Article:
Posts tagged ‘economy’

Are Stocks Cheap or Expensive? Weekly Rant and the Week in Review 4-7-19

The Weekly Grind podcast is designed to wake up your investment brain with a weekly overview of financial markets and other economic-related topics.

Episode 7

Weekly Market Review and This Week’s Rant: Are Stocks Cheap or Expensive?

Don’t miss out! Follow us on iTunesSpotify, SoundCloud or PodBean to get a new episode each week. Or follow our InvestingCaffeine.com blog and watch for new podcast updates each week.

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April 8, 2019 at 1:22 am Leave a comment

March Madness Leads to Gladness

jump ball

As usual, there was plenty of “madness” in March, and this year did not disappoint. Just as is the case with the annual NCAA basketball tournament, certain investors suffered the agony of defeat in the financial markets, but overall, the thrill of victory triumphed in March. So much so that the S&P 500 index posted its largest first-quarter gain in more than 20 years. Not only did the major indexes post gains for the month, but the winning record looks even better for the year-to-date results. For 2019, the S&P 500 index is up +13.1%; the Dow Jones Industrial Average +11.2%; and the tech-heavy NASDAQ index +16.5% for the year. The monthly gains in the major indexes were more muted, ranging from 0% for the Dow to +2.6% for the NASDAQ.

Busy? Listen to Wade discuss this article and other topics each week on the Weekly Grind podcast:

 

While 2018 ended with a painful injury (S&P 500 -6.2% in Q4), on fears of a deteriorating China trade deal and a potentially overly aggressive Federal Reserve hiking interest rates, the stock market ultimately recovered in 2019 on changing perceptions. Jerome Powell, the Federal Reserve Chairman, indicated the Fed would be more “patient” going forward in increasing interest rates, and President Trump’s tweet-storm on balance has been optimistic regarding the chances of hammering out a successful trade deal with China.

With the new cautious Fed perspective on interest rates, the yield on the 10-Year Treasury Note fell by -0.28% for the quarter from 2.69% to 2.41%. In fact, investors are currently betting there is a greater than 50% probability the Fed will cut interest rates before year-end. Moreover, in testimony before Congress, Powell signaled the economic dampening policy of reducing the Fed’s balance sheet was almost complete. All else equal, the shift from a perceived rate-hiking Fed to a potentially rate-cutting Fed has effectively turned an apparent headwind into tailwind. Consumers are benefiting from this trend in the housing market, as evidenced by lower 30-year fixed mortgage rates, which in some cases have dropped below 4%.

Economy: No Slam Dunk

However, not everything is a slam dunk in the financial markets. Much of the change in stance by the Fed can be attributed to slowing economic growth seen both here domestically and abroad, internationally.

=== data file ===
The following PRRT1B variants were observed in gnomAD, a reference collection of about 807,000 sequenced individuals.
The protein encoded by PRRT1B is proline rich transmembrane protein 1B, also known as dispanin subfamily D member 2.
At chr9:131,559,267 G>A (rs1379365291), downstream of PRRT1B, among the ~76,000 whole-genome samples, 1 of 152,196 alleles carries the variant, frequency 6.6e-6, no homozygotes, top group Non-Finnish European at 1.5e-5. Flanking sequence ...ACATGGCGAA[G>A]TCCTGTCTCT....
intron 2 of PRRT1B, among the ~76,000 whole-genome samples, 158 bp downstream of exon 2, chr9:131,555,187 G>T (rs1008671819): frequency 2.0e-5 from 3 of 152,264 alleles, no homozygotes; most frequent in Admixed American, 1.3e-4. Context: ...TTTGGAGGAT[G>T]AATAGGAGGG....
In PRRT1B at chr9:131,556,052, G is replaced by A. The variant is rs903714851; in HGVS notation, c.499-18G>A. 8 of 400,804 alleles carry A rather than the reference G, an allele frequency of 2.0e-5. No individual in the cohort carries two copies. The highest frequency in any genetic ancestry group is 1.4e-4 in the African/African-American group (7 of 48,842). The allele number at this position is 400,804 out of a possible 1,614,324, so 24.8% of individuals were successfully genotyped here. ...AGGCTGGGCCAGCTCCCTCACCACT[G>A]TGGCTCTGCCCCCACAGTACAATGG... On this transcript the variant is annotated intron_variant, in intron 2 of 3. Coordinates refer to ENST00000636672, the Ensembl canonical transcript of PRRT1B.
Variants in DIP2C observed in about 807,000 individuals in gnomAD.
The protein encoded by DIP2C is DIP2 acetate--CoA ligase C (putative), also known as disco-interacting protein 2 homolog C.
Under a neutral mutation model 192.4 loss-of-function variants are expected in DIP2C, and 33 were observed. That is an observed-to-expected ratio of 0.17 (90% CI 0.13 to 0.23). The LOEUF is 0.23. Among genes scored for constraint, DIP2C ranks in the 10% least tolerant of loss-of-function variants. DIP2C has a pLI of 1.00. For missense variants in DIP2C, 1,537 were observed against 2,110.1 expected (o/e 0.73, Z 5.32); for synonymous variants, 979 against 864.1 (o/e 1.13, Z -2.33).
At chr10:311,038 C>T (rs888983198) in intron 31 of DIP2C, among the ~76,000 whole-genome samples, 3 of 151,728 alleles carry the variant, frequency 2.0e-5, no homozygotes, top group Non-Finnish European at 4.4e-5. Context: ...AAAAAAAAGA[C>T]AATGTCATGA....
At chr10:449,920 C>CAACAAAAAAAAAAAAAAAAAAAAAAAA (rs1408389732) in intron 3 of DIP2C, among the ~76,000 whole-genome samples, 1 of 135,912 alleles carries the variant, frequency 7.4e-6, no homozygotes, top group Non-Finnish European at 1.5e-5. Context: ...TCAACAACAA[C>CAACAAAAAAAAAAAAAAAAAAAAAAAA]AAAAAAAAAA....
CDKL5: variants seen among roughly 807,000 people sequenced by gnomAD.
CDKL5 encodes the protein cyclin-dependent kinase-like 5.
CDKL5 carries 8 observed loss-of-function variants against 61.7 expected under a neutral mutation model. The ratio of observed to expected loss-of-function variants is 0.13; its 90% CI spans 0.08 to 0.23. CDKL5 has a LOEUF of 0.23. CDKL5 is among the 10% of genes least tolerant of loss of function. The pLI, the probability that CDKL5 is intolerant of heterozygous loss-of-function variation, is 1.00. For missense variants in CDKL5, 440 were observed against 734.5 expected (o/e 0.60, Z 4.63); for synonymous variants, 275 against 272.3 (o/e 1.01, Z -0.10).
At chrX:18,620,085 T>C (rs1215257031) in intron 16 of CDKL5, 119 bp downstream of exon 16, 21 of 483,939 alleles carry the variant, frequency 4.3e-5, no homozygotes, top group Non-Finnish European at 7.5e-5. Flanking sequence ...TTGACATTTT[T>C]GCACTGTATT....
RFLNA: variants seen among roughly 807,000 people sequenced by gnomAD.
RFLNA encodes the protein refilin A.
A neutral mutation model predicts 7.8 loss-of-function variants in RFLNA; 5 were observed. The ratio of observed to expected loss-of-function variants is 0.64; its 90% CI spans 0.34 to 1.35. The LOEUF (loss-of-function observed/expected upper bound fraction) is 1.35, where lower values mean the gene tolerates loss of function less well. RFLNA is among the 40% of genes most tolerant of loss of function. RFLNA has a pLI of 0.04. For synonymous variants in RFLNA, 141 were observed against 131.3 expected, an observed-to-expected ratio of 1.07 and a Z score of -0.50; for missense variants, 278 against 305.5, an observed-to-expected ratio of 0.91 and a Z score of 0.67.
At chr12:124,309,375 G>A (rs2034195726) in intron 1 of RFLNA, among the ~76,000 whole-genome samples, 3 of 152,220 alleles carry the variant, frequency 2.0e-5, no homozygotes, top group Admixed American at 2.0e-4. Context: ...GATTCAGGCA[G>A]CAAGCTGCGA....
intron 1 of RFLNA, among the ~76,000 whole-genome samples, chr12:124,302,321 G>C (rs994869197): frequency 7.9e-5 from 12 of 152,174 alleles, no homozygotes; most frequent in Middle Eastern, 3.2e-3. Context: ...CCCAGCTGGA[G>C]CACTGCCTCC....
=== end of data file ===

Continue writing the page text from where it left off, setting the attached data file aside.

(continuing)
Here in the U.S., the widely followed monthly jobs number last month only showed a gain of 20,000 jobs, well below estimates of 180,000 jobs. This negative jobs surprise was the biggest miss in more than 10 years. Furthermore, the overall measure for our nation’s economic activity, growth in Gross Domestic Product (GDP), was revised downward to +2.2% in Q4, below a previous estimate of +2.6%. The so-called “inverted yield curve” (i.e., short-term interest rates are higher than long-term interest rates), historically a precursor to a recession, is consistent with slowing growth expectations. This inversion temporarily caused investors some heartburn last month.

If you combine slowing domestic economic growth figures with decelerating manufacturing growth in Europe and China (e.g. contracting Purchasing Managers’ Index), then suddenly you end up with a slowing global growth picture. In recent months, the U.S. economy’s strength was perceived as decoupling from the rest of the world, however recent data could be changing that view.

Fortunately, the ECB (European Central Bank) and China have not been sitting on their hands. ECB President Mario Draghi announced three measures last month that could cumulatively add up to some modest economic stimulus. First, it “expects the key ECB interest rates to remain at their present levels at least through the end of 2019.” Second, it committed to reinvesting all maturing bond principal payments in new debt “for an extended period of time.” And third, the ECB announced a new batch of “Targeted Long-Term Refinancing Operations” starting in September. Also, Chinese Premier Li Keqiang announced the government will reduce taxes, primarily Value Added Taxes (VAT) and social security taxes (SST). Based on the rally in equities, it appears investors are optimistic these stimulus efforts will eventually succeed in reigniting growth.

Volume of Political Noise Ratcheted Higher

While I continually try to remind investors to ignore politics when it comes to their investment portfolios, the deafening noise was especially difficult to overlook considering the following:

  • Mueller Report Completed: Robert Mueller’s Special Counsel investigation into potential collusion as it relates Russian election interference and alleged obstruction of justice concluded.
  • Michael Cohen Testifies: Former President Trump lawyer, Michael Cohen, testified in closed sessions before the House and Senate intelligence committees, and in public to the House Oversight Committee. In the open session, Cohen, admitted to paying hush money to two women during the election. Cohen called President Trump a racist, a conman, and a cheat but Cohen is the one heading to jail after being sentenced for lying to Congress among other charges.
  • Manafort Sentenced: Former Trump Campaign Chairman Paul Manafort was sentenced to prison on bank and tax fraud charges.